The Great Debate UK
Lloyds seems to be taking a leaf out of Vito Corleone's book: if you need someone to do something that they don't want to, you have to make them an offer they can't refuse. For the mafia boss in The Godfather, that meant decapitating a horse. For Lloyds, the UK bank whose logo is a black horse, it means threatening to cut off interest payments on your own debt.
Lloyds' plan is to convert subordinated debt into 7.5 billion pounds of contingent capital. These new-fangled securities pay out fixed coupons, but can be converted into shares in times of need. The exchange is part of Lloyds' efforts to avoid the government's asset protection scheme. Lloyds is likely to pull off this deal, but the jury is still out on whether this kind of capital will be widely used by other banks.
Regulators like the idea of contingent capital because it is better able to absorb losses than subordinated debt. The new Lloyds bonds are classified as lower tier two capital, but the Financial Services Authority includes them as part of the bank's core capital when conducting stress tests.
However, contingent capital is untested. It is not clear what price investors will demand to hold debt that carries a risk of turning into equity if things go wrong. The proposed exchange could also be problematic. Many fixed income investors aren't allowed to buy equity-linked debt.
There has been widespread questioning of what precisely it is many non-execs actually do, other than take home a sometimes handsome reward for attending a scattering of board meetings.
- Laurence Copeland is a professor of finance at Cardiff University Business School and a co-author of “Verdict on the Crash” published by the Institute of Economic Affairs. The opinions expressed are his own. -
As the G20 ministers gather for their meeting this week, there should be no doubt about the item at the top of the agenda: the re-entry problem. At what point should the expansionary monetary and fiscal policy of the past year be reversed? And, if the answer is “not yet”, how soon does the re-entry plan need to be announced?
One of the challenges for bond investors over the coming years is how to deal with the enormous ballooning of government debt that is happening as a result of the credit crisis.
George Osborne’s plans to break the British addiction to debt have drawn protests from some business groups. He should not be put off. If a Conservative government with him as Chancellor can offer the quid pro quo of a cut in the rate of corporation tax, business should welcome the move.
Europe rarely features highly in European election campaigns in Britain. In the 2004 campaign the word Euro more often than not referred to a football tournament rather than the single currency. And for at least two reasons, we shouldn’t expect European integration to be much discussed.
- Laurence Copeland is a professor of finance at Cardiff University Business School. The opinions expressed are his own. -
Is the crisis over yet?
In the last 3 months, the Dow and the FTSE have each risen by about 25 percent, the Standard & Poor’s 500 by a third. House prices appear to be stabilising in the UK. Stress-tested and backed by seemingly unlimited government funding, the banks are lending again (if only to each other), so that 1-month libor is down to only 0.3 percent.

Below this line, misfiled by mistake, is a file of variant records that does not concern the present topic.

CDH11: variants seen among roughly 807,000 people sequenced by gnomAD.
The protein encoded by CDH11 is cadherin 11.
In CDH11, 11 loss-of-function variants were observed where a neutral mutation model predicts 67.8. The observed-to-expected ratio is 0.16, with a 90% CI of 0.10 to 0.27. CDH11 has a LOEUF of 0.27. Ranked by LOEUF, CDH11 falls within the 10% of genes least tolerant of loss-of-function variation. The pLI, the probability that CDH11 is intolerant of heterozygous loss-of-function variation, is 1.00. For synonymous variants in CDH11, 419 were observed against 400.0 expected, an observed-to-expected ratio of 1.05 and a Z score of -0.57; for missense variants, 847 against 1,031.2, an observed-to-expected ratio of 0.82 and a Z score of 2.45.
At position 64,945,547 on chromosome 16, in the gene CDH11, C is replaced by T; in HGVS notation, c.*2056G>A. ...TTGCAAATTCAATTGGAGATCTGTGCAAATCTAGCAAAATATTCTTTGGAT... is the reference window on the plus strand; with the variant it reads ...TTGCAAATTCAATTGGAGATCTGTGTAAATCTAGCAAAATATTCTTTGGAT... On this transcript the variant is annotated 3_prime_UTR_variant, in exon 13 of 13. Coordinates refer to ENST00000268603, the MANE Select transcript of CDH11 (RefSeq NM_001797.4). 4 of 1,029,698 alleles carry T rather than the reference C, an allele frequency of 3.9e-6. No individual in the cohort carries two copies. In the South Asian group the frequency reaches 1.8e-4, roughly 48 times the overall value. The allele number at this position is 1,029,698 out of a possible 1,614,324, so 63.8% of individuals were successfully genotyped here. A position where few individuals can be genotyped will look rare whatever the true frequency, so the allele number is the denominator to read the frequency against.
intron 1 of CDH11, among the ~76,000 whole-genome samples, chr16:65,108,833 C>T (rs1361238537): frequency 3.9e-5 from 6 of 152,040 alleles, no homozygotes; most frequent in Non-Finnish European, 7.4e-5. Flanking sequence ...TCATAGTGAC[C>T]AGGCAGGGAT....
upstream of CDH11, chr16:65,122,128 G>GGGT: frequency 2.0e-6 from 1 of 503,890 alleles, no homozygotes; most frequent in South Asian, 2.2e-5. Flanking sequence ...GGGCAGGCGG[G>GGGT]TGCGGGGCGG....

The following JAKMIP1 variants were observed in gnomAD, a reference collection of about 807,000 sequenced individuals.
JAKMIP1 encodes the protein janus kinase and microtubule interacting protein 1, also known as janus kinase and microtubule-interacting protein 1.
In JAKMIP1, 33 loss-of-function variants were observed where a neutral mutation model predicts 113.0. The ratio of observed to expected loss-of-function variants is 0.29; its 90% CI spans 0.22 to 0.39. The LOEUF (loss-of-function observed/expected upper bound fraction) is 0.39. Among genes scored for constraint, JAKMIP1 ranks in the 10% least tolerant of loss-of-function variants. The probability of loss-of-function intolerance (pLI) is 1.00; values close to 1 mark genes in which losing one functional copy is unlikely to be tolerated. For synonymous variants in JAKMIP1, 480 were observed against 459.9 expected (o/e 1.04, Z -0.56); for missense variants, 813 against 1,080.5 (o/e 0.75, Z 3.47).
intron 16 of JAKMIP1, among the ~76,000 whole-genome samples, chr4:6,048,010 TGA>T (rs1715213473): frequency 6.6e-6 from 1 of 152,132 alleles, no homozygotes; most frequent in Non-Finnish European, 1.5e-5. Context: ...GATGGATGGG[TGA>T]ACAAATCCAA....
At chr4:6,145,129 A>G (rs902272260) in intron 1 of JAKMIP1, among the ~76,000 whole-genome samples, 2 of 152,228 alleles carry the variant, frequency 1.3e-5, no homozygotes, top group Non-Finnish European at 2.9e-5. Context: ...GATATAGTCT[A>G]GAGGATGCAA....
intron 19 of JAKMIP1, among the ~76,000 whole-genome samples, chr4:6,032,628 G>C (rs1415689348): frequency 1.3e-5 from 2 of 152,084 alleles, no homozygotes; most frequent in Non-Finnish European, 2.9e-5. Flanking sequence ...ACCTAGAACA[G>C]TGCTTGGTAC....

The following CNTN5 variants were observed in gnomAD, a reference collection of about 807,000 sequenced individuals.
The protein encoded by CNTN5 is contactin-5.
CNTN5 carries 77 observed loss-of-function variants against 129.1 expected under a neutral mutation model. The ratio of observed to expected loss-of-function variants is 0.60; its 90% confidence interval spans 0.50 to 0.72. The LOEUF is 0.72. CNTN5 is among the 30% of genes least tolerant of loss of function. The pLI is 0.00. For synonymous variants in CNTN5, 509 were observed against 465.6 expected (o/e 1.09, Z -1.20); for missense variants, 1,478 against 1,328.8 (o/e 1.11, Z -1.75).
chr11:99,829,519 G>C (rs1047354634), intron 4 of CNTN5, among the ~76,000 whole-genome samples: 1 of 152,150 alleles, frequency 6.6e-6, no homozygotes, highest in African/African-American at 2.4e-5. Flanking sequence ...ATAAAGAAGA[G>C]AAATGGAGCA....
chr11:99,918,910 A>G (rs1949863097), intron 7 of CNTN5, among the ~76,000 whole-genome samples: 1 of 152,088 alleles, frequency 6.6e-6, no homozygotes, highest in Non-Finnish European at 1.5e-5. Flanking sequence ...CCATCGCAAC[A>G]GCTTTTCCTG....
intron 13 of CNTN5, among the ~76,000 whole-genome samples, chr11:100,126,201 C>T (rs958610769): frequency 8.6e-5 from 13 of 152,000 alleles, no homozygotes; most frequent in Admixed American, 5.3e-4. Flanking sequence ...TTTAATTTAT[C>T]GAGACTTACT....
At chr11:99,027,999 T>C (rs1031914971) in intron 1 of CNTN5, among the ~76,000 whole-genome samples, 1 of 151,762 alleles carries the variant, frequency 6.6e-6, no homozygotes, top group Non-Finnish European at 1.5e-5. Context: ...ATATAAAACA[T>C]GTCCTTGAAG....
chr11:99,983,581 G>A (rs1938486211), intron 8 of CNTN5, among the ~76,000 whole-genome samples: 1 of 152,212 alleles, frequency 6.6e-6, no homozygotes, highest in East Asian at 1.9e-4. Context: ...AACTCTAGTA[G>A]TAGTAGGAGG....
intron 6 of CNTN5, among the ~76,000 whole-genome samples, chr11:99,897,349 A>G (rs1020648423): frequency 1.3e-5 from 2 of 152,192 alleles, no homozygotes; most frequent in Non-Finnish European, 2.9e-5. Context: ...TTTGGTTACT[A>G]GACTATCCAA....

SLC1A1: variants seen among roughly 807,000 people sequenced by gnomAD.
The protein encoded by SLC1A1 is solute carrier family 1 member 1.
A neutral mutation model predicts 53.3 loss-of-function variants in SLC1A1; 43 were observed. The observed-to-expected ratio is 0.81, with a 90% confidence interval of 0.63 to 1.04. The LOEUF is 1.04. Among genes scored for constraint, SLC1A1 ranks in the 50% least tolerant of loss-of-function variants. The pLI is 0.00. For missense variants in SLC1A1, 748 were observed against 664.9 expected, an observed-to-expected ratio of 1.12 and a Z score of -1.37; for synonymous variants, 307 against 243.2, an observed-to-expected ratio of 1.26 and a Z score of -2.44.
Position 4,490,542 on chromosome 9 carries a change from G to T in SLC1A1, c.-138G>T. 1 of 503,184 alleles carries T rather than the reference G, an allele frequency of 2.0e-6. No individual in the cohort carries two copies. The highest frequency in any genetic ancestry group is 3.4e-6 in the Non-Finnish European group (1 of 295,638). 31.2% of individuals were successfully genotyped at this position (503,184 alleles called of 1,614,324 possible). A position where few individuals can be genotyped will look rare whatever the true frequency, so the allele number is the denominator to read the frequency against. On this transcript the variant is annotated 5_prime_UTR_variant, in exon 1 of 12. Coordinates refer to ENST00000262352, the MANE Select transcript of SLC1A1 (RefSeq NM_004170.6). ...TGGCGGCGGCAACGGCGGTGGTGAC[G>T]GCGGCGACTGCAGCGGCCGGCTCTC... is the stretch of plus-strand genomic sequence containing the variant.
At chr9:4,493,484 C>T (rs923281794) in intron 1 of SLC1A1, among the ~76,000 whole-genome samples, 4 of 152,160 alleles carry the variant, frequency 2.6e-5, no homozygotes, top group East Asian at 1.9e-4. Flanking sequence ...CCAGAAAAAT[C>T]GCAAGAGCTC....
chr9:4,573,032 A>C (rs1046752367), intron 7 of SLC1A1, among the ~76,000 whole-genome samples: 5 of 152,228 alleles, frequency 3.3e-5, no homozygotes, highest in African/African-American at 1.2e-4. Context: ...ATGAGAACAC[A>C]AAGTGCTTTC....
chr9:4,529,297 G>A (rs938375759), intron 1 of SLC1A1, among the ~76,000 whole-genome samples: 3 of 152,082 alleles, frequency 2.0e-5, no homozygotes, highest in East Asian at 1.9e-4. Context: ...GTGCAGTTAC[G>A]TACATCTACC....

Standard & Poor’s could have chosen a better day to kick the British economy, by placing the UK onto “negative outlook”, the usual precursor to a downgrade of S&P’s rating of an issuer’s debt.
Sir Victor’s Blank cheque has finally bounced. Drawn on the Bank of Gordon, it looked like a dodgy piece of paper from the start, and now it has been sent back, marked “Refer to Drawer”.
Shares in Lloyds Banking Group rose in relief that someone, anyone, has finally agreed to take the rap for the disastrous takeover of HBoS, at the behest of the UK government, during last year’s financial panic.
Dazzled by the prospect of a market position in the UK which the competition authorities would never have allowed in normal times, Blank and his chief executive Eric Daniels failed to look their gift horse in the mouth, and discovered it was really a broken-down old nag.
The acquisition obscured the fact that the Black Horse itself was hardly in shape, and even without the handicap of HBoS, would almost certainly have been obliged to limp to the government for help. That is as much Daniels’ fault as Blank’s, and he will have to pay once a new chairman has been found.
This will not be easy. It would surely be too venal, even for this government, to impose finance minister Alistair Darling on the suffering shareholders, once he finds himself out of a job next year.
Lord Sandy Leitch, the Labour luvvie elevated to deputy chairman at the weekend, might fancy his chances, but his background is in insurance. The fashion for bank chairman who know nothing about banking has, mercifully, been blown away by the crisis.
More sensibly, Lord Mervyn Davies seems to have little to do since he quit Standard Chartered Bank <STAN.L> for the administration, while Doug Flint from HSBC would be a fine, and popular choice as chief executive if he could face the challenge. He’s a Scot, which would also play well in the Brown bunker.
However, John Kingman, the civil servant in charge of UK Financial Investments, the government’s fig leaf covering its 43 percent stake in the bank, had signally failed to endorse Blank’s re-election at the forthcoming annual meeting. Perhaps he is showing signs of independence after all.
Philip Hampton, who was ousted as finance director from Lloyds five years ago for urging a cut in the dividend, would have been the ideal candidate. Unfortunately, he was tapped to chair RBS last January.
In “Verdict on the Crash” we argue that government failure and not market failure is responsible for the collapse in financial markets.